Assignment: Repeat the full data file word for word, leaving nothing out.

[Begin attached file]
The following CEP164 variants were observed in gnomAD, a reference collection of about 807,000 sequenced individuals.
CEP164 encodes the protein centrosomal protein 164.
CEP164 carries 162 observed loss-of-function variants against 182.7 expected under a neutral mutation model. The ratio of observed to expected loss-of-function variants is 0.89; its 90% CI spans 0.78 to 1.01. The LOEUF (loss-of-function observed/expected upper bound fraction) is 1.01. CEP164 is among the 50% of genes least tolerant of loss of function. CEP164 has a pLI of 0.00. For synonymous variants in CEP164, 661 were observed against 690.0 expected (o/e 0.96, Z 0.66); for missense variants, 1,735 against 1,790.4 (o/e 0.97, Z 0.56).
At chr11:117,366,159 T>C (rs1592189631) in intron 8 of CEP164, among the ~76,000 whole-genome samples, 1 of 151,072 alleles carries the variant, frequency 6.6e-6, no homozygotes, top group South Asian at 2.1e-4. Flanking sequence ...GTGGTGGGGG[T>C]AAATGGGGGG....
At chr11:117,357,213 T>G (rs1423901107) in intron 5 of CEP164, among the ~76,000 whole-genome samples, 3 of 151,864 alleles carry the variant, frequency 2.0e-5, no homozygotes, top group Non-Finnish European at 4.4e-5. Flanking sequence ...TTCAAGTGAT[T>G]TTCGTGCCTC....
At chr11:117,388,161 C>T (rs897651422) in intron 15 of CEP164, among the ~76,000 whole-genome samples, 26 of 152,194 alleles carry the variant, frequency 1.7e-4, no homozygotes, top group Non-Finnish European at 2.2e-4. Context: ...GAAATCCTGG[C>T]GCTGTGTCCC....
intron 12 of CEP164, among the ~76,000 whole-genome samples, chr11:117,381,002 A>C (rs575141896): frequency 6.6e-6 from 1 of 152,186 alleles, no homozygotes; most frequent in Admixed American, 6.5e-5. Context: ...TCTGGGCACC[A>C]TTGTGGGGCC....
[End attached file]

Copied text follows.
The following CEP164 variants were observed in gnomAD, a reference collection of about 807,000 sequenced individuals.
CEP164 encodes the protein centrosomal protein 164.
CEP164 carries 162 observed loss-of-function variants against 182.7 expected under a neutral mutation model. The ratio of observed to expected loss-of-function variants is 0.89; its 90% CI spans 0.78 to 1.01. The LOEUF (loss-of-function observed/expected upper bound fraction) is 1.01. CEP164 is among the 50% of genes least tolerant of loss of function. CEP164 has a pLI of 0.00. For synonymous variants in CEP164, 661 were observed against 690.0 expected (o/e 0.96, Z 0.66); for missense variants, 1,735 against 1,790.4 (o/e 0.97, Z 0.56).
At chr11:117,366,159 T>C (rs1592189631) in intron 8 of CEP164, among the ~76,000 whole-genome samples, 1 of 151,072 alleles carries the variant, frequency 6.6e-6, no homozygotes, top group South Asian at 2.1e-4. Flanking sequence ...GTGGTGGGGG[T>C]AAATGGGGGG....
At chr11:117,357,213 T>G (rs1423901107) in intron 5 of CEP164, among the ~76,000 whole-genome samples, 3 of 151,864 alleles carry the variant, frequency 2.0e-5, no homozygotes, top group Non-Finnish European at 4.4e-5. Flanking sequence ...TTCAAGTGAT[T>G]TTCGTGCCTC....
At chr11:117,388,161 C>T (rs897651422) in intron 15 of CEP164, among the ~76,000 whole-genome samples, 26 of 152,194 alleles carry the variant, frequency 1.7e-4, no homozygotes, top group Non-Finnish European at 2.2e-4. Context: ...GAAATCCTGG[C>T]GCTGTGTCCC....
intron 12 of CEP164, among the ~76,000 whole-genome samples, chr11:117,381,002 A>C (rs575141896): frequency 6.6e-6 from 1 of 152,186 alleles, no homozygotes; most frequent in Admixed American, 6.5e-5. Context: ...TCTGGGCACC[A>C]TTGTGGGGCC....